By Zoher Shabbir**
Image Credit: www.takepart.com
We live in a day and age where our lives and our social media accounts share an intricate connection. A lot of information about us (individually) such as where we live, where we work, and even where we are at the moment can be found out via the click of a button. Some of this information is quite personal, and if it falls into the hands of the wrong person(s), it can have a detrimental effect on our lives.
Kenya has been one of the first African countries to adopt information and communication technologies (ICTs). This has led to Kenyans experiencing a large number of benefits but at the same time, it has led to the increase of cyber crimes and technology based violence. Certain types of cyber crimes such as cyber stalking, revenge porn etc have a certain bias; majority of their victims are women. In fact Global Information Society Watch observed that victims who are within the ages of 18-32 were mostly women.
Take the case of a young woman who was a university of Nairobi student .Her nude pictures were shared without her consent (for reasons I am not aware of). As a result of this incident the victim had to enroll for night classes to avoid further publicity.
Another example was when a Kenyan woman’s nude pictures went viral. She had sent some nude pictures of herself to her husband who after separating with her posted them online in an attempt to hurt her. Such an experience can have a major detrimental effect on a victim’s life and can lead to depression or even suicide. Such incidents are becoming more and more popular in Kenya and part of the reason may be due to Kenya’s lack of sufficient legislation in this matter.
The Kenya Information and Communication Act defines cyber crimes as offences against the information technology infrastructure, from unauthorized access to and interpretation of computer services, modification of computer material, data, and unauthorized change of mobile telephone equipment. The definition clearly falls short since it does not acknowledge cyber crimes against a person (such as revenge porn) and as a result excludes or rather under prioritizes the cyber crimes mentioned above from its legislative framework.
Other related pieces of legislation also fall short when it comes to cyber crimes against a person. The penal code, for example, does not contain any provision to deal with revenge porn or online harassment. It mostly caters for forgery and theft of electronic information. According to the International Commission of Jurists Kenya (ICJ Kenya), the Sexual Offences Act also does not cover technology related violence, “Under the act you cannot be charged for what is not written, so the police find it hard to find an offence that perpetrators of technology-related violence against women could be charged under. Further, you are dealing with a police officer who has probably no understanding of what you are claiming”.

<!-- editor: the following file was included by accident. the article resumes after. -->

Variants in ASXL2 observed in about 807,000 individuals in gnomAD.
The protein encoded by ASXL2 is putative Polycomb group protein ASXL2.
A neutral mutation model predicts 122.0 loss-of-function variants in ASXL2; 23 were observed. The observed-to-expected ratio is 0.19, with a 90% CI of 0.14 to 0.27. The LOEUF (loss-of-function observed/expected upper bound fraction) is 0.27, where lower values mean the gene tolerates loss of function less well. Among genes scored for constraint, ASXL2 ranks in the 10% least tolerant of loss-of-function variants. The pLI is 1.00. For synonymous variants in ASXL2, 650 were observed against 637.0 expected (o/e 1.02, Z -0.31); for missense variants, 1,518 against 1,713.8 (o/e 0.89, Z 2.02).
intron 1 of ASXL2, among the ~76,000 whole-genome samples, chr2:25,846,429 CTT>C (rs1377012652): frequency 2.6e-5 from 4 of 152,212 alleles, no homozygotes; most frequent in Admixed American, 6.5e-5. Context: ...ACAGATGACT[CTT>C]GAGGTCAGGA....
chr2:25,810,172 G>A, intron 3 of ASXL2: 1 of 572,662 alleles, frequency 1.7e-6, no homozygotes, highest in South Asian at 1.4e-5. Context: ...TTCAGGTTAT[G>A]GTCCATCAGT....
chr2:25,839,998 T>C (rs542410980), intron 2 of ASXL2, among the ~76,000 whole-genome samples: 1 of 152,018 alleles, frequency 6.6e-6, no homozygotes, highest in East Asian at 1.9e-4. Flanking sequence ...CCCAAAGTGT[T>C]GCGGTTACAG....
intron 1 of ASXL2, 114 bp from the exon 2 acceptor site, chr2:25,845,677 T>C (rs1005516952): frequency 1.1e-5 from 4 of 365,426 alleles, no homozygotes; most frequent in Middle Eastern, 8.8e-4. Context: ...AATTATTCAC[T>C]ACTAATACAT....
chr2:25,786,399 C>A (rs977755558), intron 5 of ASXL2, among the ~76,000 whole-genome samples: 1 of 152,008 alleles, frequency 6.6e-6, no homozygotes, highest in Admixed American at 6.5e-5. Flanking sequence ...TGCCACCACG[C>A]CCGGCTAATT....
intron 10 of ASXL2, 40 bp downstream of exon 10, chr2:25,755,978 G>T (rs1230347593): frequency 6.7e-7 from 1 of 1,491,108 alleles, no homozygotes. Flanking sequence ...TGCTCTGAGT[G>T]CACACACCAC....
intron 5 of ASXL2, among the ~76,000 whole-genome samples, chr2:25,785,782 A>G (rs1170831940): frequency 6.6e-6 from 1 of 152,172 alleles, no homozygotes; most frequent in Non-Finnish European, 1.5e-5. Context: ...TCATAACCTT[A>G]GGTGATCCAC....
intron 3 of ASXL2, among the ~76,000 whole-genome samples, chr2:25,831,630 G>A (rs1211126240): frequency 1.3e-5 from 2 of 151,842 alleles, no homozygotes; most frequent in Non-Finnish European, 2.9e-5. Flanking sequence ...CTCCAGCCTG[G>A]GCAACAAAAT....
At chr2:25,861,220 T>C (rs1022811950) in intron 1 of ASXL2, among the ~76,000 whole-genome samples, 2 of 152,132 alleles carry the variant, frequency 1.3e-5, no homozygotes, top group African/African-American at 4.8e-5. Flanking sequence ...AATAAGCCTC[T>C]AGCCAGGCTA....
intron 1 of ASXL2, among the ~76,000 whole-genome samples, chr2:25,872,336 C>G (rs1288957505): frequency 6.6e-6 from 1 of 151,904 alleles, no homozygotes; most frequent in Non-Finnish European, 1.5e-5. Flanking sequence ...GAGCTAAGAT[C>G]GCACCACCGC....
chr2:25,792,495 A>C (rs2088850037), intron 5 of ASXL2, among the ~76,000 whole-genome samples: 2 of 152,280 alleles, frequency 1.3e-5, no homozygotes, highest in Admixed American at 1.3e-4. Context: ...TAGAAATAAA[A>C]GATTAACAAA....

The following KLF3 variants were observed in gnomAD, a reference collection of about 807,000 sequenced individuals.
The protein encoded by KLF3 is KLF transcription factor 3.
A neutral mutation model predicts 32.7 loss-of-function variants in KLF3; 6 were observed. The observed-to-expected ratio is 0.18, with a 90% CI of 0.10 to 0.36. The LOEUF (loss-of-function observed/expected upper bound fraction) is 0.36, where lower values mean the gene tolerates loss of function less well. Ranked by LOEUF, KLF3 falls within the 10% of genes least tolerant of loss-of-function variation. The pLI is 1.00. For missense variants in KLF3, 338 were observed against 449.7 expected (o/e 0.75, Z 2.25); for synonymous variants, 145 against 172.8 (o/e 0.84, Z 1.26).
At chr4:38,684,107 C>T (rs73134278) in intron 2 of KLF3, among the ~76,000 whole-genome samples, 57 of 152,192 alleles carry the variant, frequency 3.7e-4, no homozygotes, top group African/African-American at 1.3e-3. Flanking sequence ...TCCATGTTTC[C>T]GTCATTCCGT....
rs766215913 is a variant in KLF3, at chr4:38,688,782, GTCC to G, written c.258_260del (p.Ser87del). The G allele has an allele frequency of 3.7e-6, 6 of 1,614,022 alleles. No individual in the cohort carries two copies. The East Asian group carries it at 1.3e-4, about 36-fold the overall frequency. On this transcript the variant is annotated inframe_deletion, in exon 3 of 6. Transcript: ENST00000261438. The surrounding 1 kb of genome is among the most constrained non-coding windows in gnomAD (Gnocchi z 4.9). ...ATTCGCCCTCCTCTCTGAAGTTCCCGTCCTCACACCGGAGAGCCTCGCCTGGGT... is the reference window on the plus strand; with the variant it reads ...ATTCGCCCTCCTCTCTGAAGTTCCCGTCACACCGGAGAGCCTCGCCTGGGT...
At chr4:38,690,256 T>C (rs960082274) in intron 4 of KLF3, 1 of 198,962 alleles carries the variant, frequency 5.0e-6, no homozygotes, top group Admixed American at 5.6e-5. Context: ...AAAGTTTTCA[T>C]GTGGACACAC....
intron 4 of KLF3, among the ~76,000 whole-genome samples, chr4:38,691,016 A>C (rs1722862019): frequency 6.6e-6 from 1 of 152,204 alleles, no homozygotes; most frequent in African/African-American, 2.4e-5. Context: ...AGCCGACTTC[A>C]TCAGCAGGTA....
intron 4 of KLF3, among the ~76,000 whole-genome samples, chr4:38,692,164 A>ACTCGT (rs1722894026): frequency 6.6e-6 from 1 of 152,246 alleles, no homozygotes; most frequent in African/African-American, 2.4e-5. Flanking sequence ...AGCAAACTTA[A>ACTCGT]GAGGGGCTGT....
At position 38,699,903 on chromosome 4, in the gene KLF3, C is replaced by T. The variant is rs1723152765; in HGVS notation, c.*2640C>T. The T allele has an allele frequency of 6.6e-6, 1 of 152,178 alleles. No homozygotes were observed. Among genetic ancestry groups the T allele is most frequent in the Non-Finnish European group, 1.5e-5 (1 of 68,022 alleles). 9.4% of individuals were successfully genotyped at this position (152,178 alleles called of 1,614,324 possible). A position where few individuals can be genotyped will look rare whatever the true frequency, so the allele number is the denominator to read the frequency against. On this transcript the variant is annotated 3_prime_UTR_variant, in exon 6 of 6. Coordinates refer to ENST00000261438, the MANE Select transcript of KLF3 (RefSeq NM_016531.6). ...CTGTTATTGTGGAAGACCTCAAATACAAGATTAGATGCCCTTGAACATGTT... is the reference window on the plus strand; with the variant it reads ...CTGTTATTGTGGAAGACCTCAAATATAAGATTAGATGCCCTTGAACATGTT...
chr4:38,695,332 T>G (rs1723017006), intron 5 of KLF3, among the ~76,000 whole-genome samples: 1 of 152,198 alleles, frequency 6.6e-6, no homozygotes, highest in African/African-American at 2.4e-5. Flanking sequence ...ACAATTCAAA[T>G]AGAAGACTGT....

Other shortcomings include the fact that a lot of the provisions do not correlate with the gravity of the offence. Take for example cases involving SMS texts (such as sending threatening messages or nude pictures of particular people) that have been reported. The perpetrators in such a situation would be charged under section 29 of Kenya’s Information and Communications which deals with misuse of a telecommunications gadget thus meaning the case will not be content based or criminal based. This is extremely worrying since cyber crimes such as revenge porn can easily amount to human rights violations and therefore should not be treated so tamely.
This problem can be solved or at least improved by spreading more information on the rights people have online, making people aware of the steps they can take if their rights have been violated, creating adequate infrastructure and taskforces to counter such offences thus increasing public confidence and last but not least make sure women play a major in all of the above (take Uganda for example where Goretti Amuriat, WOUGNET’s gender and ICT programme manager who argued that although women represent 35 percent of parliamentary seats in Uganda, they were still under represented in various other positions of authority and this inequality translates into decision making about policy. According to Amuriat, women’s economic empowerment is a key driver to sustainable development, which is often achieved through gender-specific policy perspectives. For ICTs in particular, cyber security and Internet freedom cannot be achieved without including women in policy discussions as they bring new voices and experiences to the discussions).
As Kenyans become more and more technologically dependant, such cases of cyber crimes are likely to increase. There is therefore a need to acknowledge the gravity of crimes such as revenge porn and online harassment and address them sooner rather than later.
**Zoher Shabbir is a Bachelor of Laws (LL.B.) student at Strathmore Law School.